How to Fat Tuesday

There aren't a lot of Tuesday Holidays.

Which is a shame.

Tuesday just doesn't have much celebratory fare. It's kinda of the forgotten middle child of the seven day week. Monday has got it's own comic strip (Garfield), Wednesday is Hump Day (whatever that means) Thursday is named after Thor (and of course Thanksgiving), the rest of the week are essential party days, but Tuesday just isn't all that interesting.

It's a day to vote every few years, and of course, Mardi Gras.

So there's a Super Tuesday and a Fat Tuesday. Starbucks is currently lobbying for a Vente Tuesday.

Mardi Gras, or Carnevale, is a Saturnalian adopted party to usher in the first day of Lent.

Let's go crazy before we have to give something up for forty days.

One last gasp of debauchery before the bishop christens our foreheads with ash.

I won't be partaking in the revelry, sorta, since I'll be performing, but there will be beer and music and happiness. All good things.

But before the five o-clock bell rings, I thought it might be nice to consider the whole "Giving Up" of something before the easter break.

Now . . . I didn't grow up with any formal religious education, so I didn't really learn about Lent until I became almost but not quite Italian. The idea is one of personal sacrifice to honor the gods (plural), or part of the trinity (singular) : )

Originally you were supposed to give up meat (except fish and sometimes poultry) for the entire time. But that makes goat farmers a bit nervous, so it was scaled down until you weren't supposed to eat meat (except fish and sometimes poultry) on Fridays.

That's not much of a sacrifice so a personal twist was added. Now, you should consider something in your life that you may be, ahem, addicted to, that you can drop for just shy of three fortnights.

Taking stock of my own life (not that I am in any conceivable way moral or healthy) I couldn't find anything of visceral value that I am either able or willing to give up.

I mean, I could give up alcohol. Which would be a fantastic thing, but there's an Oscar party on Sunday night that I am not going to miss, nor do I plan to turn down an offer of a glass of wine, so I'd fail miserably after, what . . . like four days.

I could give up mindlessly checking my email. That'd be good. Remove it from all of my mobil devises and stick with checking it once . . . or twice . . . maybe another during lunch . . . and you can see that I've already failed that test.

I could give up flossing.

No, that's a terrible idea.

I could kill my television. But with the season finales of both Justified and The Walking Dead on the near horizon, I feel like I wouldn't be honoring my wife which would be almost but not quite like breaking one of the ten commandments.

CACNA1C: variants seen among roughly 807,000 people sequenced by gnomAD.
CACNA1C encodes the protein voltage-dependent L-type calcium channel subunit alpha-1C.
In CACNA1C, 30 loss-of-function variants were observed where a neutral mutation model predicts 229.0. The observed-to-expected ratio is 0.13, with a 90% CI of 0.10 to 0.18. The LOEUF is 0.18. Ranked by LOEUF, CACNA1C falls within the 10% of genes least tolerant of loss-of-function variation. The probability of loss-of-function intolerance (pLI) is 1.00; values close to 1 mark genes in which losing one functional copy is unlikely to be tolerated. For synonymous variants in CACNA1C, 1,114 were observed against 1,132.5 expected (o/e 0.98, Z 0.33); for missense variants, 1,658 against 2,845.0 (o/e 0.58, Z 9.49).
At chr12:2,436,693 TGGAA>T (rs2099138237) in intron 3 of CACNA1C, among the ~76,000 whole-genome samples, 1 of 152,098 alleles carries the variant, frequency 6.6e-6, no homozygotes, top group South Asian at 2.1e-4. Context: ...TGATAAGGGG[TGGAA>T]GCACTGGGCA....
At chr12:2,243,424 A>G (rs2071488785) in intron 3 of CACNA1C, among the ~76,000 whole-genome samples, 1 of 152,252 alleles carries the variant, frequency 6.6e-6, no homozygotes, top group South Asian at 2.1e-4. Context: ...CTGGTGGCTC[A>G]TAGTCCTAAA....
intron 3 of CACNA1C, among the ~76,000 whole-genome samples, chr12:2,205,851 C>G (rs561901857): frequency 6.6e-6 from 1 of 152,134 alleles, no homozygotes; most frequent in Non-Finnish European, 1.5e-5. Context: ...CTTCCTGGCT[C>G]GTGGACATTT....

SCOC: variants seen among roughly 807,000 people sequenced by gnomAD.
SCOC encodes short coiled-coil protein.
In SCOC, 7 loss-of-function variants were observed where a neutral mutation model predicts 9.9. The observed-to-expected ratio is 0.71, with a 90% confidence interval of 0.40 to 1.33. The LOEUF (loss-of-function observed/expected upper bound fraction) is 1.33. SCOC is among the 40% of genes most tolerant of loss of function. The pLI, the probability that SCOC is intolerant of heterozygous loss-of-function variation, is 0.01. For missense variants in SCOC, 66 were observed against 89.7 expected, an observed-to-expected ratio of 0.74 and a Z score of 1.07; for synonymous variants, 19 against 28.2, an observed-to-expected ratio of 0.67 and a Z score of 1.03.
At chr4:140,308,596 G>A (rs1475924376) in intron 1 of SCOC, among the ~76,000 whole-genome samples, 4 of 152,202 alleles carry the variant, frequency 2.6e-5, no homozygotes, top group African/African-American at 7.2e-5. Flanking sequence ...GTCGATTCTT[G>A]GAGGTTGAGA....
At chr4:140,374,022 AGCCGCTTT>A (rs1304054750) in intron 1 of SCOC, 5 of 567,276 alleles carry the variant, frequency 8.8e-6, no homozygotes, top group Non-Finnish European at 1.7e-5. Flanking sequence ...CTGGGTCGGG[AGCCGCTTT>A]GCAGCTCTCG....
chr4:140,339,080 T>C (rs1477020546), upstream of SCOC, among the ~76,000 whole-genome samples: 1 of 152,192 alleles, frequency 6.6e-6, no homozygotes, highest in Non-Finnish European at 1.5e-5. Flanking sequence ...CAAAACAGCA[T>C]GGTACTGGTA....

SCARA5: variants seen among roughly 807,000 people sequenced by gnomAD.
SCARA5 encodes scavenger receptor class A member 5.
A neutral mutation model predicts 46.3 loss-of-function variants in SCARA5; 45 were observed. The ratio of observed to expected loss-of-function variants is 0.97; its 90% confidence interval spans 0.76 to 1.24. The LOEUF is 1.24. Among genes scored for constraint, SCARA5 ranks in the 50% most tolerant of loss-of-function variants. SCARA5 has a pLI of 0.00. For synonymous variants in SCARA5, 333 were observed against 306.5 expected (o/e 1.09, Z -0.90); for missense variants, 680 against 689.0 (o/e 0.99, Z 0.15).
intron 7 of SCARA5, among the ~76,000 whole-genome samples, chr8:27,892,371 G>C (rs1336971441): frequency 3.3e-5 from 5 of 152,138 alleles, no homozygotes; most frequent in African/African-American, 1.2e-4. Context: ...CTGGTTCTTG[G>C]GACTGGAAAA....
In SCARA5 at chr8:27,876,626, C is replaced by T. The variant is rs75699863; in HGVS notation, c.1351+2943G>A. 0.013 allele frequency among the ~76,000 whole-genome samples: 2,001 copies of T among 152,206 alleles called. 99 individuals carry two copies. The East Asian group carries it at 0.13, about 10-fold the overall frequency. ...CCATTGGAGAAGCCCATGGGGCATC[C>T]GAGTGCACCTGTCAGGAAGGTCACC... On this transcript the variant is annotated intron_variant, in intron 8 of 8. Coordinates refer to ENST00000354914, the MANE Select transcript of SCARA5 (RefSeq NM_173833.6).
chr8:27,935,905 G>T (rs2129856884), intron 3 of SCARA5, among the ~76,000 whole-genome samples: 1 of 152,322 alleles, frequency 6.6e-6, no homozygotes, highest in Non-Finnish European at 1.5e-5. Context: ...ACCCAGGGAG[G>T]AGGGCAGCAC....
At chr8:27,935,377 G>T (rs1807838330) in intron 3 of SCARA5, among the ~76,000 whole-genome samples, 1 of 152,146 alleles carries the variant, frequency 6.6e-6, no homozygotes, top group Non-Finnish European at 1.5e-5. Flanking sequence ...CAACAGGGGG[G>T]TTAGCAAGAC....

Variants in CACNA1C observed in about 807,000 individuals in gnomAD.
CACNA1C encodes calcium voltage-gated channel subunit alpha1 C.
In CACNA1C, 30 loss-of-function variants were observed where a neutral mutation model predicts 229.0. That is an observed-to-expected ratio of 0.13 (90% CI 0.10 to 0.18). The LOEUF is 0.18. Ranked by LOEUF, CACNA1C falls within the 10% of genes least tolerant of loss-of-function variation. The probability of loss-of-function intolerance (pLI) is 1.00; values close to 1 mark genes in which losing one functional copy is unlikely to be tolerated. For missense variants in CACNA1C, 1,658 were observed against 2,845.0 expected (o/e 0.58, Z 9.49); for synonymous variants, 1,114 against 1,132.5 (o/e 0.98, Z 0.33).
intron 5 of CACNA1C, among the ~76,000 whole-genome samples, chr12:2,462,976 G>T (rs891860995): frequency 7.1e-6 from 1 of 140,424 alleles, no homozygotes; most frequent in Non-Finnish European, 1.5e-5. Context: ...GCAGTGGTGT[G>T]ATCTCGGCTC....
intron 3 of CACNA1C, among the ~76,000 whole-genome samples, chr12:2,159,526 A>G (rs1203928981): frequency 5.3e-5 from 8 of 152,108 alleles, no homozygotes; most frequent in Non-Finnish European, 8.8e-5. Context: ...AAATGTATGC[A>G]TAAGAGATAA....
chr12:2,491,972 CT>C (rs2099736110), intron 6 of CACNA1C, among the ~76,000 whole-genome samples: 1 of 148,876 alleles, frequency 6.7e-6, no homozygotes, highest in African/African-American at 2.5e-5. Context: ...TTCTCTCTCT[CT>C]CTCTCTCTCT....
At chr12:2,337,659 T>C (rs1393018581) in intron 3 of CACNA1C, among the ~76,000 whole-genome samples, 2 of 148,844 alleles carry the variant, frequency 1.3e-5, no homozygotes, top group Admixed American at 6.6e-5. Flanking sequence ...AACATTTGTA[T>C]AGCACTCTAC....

The problem here is is that we're supposed to take a long look at our lives and our habits and decide for ourselves what kinds of sacrifices we could make.

Making sacrifices is a good healthy thing, so I'm not gonna knock it.

But what if we flipped the notion?

What if instead of making offerings of sacrifice, what if we made and offering of productivity?

I could spend all day listing the things I need to start doing as opposed to the things I need to stop doing.

What if we spun it so that Fat Tuesday is a celebration more like New Years Eve where we just come to some resolution?

I prefer that idea.

It's more democratic.

But this isn't about Lent . . . its about Fat Tuesday.

So assuming you take my advice and decide to give-up/start-up, here's what you do in the mean time:

First, pick something. Doesn't matter.

Second, tell someone. A priest, your wife, all six of your Twitter followers. Telling someone makes it real, and makes it harder to cheat.

Third, post your progress. Somewhere, anywhere. Go ahead and Facebook it if you need to. I like to keep a running tab on my refrigerator.

Fourth, notice things. Anytime you put a change into your routine, something different is bound to happen. Could be good (loose weight, climb a flight of stairs) Could be bad (cranky, achy, sore). But notice those things. I can't prove that there will be any metaphysical epiphanies, but when you notice things, you start to live 'in the moment' (so to speak) and it's a nice change of pace.

Fifth, cheat. Don't give up . . . just cheat a little. Road bumps are the key dissonance to a positive resolve. Those who cheat, just a little, are actually statistically more likely to continue rocking.

Finally, if you're going to cook pot-roast on a Friday, don't tell your mother-in-law. It's not that she's crazy, it's just that she worries.

Nobody wants to end up in heaven alone.

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